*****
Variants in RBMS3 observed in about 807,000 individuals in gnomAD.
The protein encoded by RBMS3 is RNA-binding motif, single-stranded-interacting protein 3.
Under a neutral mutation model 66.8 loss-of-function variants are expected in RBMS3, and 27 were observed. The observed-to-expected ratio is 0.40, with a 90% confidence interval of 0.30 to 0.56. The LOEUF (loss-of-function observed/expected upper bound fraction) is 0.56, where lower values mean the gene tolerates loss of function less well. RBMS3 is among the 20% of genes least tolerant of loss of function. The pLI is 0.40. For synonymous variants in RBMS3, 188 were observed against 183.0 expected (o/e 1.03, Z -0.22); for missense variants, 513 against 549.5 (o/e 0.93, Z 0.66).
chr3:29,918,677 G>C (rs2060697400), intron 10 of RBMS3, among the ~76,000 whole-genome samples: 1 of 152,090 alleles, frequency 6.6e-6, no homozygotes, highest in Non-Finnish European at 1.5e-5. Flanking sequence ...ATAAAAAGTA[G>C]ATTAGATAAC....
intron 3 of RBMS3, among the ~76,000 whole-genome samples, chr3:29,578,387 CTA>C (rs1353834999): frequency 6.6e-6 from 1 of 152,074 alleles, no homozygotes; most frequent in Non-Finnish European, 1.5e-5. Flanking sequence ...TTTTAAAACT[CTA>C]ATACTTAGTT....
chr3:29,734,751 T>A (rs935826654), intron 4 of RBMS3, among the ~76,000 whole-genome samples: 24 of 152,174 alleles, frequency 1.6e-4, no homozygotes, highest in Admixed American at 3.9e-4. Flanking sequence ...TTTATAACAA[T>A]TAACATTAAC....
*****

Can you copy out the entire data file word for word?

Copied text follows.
Variants in RBMS3 observed in about 807,000 individuals in gnomAD.
The protein encoded by RBMS3 is RNA-binding motif, single-stranded-interacting protein 3.
Under a neutral mutation model 66.8 loss-of-function variants are expected in RBMS3, and 27 were observed. The observed-to-expected ratio is 0.40, with a 90% confidence interval of 0.30 to 0.56. The LOEUF (loss-of-function observed/expected upper bound fraction) is 0.56, where lower values mean the gene tolerates loss of function less well. RBMS3 is among the 20% of genes least tolerant of loss of function. The pLI is 0.40. For synonymous variants in RBMS3, 188 were observed against 183.0 expected (o/e 1.03, Z -0.22); for missense variants, 513 against 549.5 (o/e 0.93, Z 0.66).
chr3:29,918,677 G>C (rs2060697400), intron 10 of RBMS3, among the ~76,000 whole-genome samples: 1 of 152,090 alleles, frequency 6.6e-6, no homozygotes, highest in Non-Finnish European at 1.5e-5. Flanking sequence ...ATAAAAAGTA[G>C]ATTAGATAAC....
intron 3 of RBMS3, among the ~76,000 whole-genome samples, chr3:29,578,387 CTA>C (rs1353834999): frequency 6.6e-6 from 1 of 152,074 alleles, no homozygotes; most frequent in Non-Finnish European, 1.5e-5. Flanking sequence ...TTTTAAAACT[CTA>C]ATACTTAGTT....
chr3:29,734,751 T>A (rs935826654), intron 4 of RBMS3, among the ~76,000 whole-genome samples: 24 of 152,174 alleles, frequency 1.6e-4, no homozygotes, highest in Admixed American at 3.9e-4. Flanking sequence ...TTTATAACAA[T>A]TAACATTAAC....